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Help With Lapping Film Progression (Bevel set to Finish)

The back story is below, but to cut to the chase, I’m looking for suggestions on a good lapping film progression for the PSA Lapping Film grits that I have. I don’t want to spend excess time stepping up in small increments, but I also don’t want to short change myself (i.e., I don’t want to over or under hone), nor do I want to purchase more tile than I can reuse (i.e., for a balsa progression) once I use up the PSA film I have. A photo of the grits I have is below, but currently I’ve been using the 30u to bevel set and then moving sequentially up from there (12u, 9u, 3u, 1u and sometimes to the .3u w/paper underneath). I’ve tried using the 12u for bevel setting, but it didn’t seem to cut as efficiently as the 30u or 1000 grit wet/dry, but I don’t know if the 30u is too aggressive for general use. Inputs would be greatly appreciated and you can stop reading now unless you’re a fan of slow motion train wrecks below.

BACK STORY -- The PSA film is not what I intended to get, and while it sticks and stays really flat, it’s not interchangeable like non-PSA (lesson learned), but now I’m stuck and looking for a path out. I first purchased a variety pack of non-PSA lapping film and one piece of ~4x12” marble tile at Home Depot. Unfortunately the film was put into a plain paper envelope (non-rigid or padded) and sent through the USPS (i.e., they ran it over with a bulldozer before sending it through their mail handling department and then rolling, folding and then stuffing it into my mailbox). As a result, the film was creased and pockmarked with all sorts of small impact marks to the point that while the film will adhere (mostly) to the marble with water, it’s unusable as it’s nowhere near flat. So I ordered another variety pack of lapping film (from another vender), and upon receipt discovered I mistakenly ordered PSA backed lapping film. Additionally, Amazon sent two identical packs of film (in plain, unpadded envelopes, i.e., damaged) and wanted one back (I opened both and pieced together one undamaged set). Not wanting to deal w/Amazon any longer, I cut pieces to fit the marble, and once adhered, it worked great, nice and flat and absolutely no movement/shifting under use for every grit I tried. I discovered that you can remove the film and move up in progression like non-PSA film, but it’s really “one and done.” Removing the film once applied causes the adhesive to wrinkle and while it will re-adhere to the marble tile, it’s nowhere near flat and usable. I was able to remove the wrinkled adhesive backing with fingernail polish and a cotton ball, allowing the film to adhere w/water like the non-PSA backed sheets. Unfortunately I think either: the PSA backed film is thinner than non-PSA sheets, and or the acetone affected the backing film because some of the sheets have begun to curl at the long edges and not stay flat on the tile; hurting the quality of my edges especially where the film begins to curl (I think they can be better). Long story too long, I’ve been able to use the first set of PSA backed film with the adhesive removed, but they’re curling is becoming unusable (trying to take the curl out with an iron doesn’t work either). I want to use up the PSA film, so I’m looking to buy the right number of tile pieces to get the job done (not over or under hone) as tile is cheaper than another pack of film and it can be reused as backing material for an eventual balsa progression. Any ideas or suggestions are much appreciated.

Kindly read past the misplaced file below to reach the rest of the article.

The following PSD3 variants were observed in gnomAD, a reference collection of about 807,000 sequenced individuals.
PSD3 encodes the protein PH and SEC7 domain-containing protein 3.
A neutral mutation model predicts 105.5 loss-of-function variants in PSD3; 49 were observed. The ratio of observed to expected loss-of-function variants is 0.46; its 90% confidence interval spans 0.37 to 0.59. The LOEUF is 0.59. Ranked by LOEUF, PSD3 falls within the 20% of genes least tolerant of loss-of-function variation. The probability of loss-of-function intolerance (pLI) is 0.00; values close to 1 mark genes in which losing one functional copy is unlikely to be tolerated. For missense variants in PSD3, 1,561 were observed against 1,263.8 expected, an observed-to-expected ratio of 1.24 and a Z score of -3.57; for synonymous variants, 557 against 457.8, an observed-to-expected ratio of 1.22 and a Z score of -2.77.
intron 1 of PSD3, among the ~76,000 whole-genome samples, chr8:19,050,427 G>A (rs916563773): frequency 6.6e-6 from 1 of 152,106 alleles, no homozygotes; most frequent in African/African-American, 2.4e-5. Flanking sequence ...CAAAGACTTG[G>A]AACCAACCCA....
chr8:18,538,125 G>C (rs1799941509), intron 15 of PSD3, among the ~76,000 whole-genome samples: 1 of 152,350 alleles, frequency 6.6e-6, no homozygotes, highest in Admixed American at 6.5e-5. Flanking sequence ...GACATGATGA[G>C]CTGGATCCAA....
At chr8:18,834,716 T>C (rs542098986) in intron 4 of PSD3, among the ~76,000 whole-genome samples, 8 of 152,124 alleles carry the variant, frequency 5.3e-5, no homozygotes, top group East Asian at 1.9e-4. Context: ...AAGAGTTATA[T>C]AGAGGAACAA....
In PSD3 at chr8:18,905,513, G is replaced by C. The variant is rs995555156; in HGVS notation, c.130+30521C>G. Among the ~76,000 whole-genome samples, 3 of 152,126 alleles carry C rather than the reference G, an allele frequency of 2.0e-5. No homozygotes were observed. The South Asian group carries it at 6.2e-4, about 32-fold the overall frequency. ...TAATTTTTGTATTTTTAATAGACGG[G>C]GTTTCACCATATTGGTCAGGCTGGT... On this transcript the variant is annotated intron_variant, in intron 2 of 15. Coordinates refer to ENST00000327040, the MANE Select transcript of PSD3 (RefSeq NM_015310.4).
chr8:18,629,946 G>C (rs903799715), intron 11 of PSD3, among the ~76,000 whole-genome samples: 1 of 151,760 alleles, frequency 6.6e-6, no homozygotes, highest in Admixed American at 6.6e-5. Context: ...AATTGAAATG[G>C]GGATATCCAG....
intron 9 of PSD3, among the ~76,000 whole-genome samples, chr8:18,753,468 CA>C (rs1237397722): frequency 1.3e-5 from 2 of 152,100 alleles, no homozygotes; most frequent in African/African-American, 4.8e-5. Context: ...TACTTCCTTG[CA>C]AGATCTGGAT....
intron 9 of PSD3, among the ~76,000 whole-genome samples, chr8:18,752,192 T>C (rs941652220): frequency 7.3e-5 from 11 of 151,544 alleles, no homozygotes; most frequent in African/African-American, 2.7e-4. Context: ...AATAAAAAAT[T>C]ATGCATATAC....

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I have bought the non-psa variety pack directly from Taylor Toolworks, for about $25 plus shipping. It also includes a 5u film which I like (originally people had problems with the 5u film because it had a different abrasive but the current stuff works fine). I know you want to use up what you have, but 4 or 5 tiles is going to be around $10-15, isn't it?

That said, I've set bevels on everything from 40 to 9. Actually if your geometry is perfect you can do minor bevel work on the 5, if you have it. Because of the way film wears, I prefer to do small jumps so as not to put too much wear on one film. A typical progression for me would be 9/5/3/1. I find the 9 and 12 work about equally well but the 12u scratches take longer to erase, so I skip it unless I need more abrasion. Regardless, you're going to need to spend extra time on the 3u to really polish out the previous scratches.

I also find about 10 strokes on the .3 over paper is a nice jumping off point to the balsa. But since you only have PSA film I would avoid that grit entirely. I've tried it without paper underneath and even after the full balsa progression, it's not as good.

So, if you're committed to using what you have, I'd plan on 12/9/3/1 and expect to spend extra time on the 3.
For some reason my supplier in UK only does 1u in adhesive backed (all other grits plain film). What I do is remove the paper backing and then soak the film in methylated spirits (denatured alcohol in US?). After five minutes you can peel / rub the adhesive layer off in one gloopy blob. Quick rinse with some detergent, and you're good to go with non-adhesive backed film. For some reason, for me, I didn't find acetone worked as well as methylated spirits.
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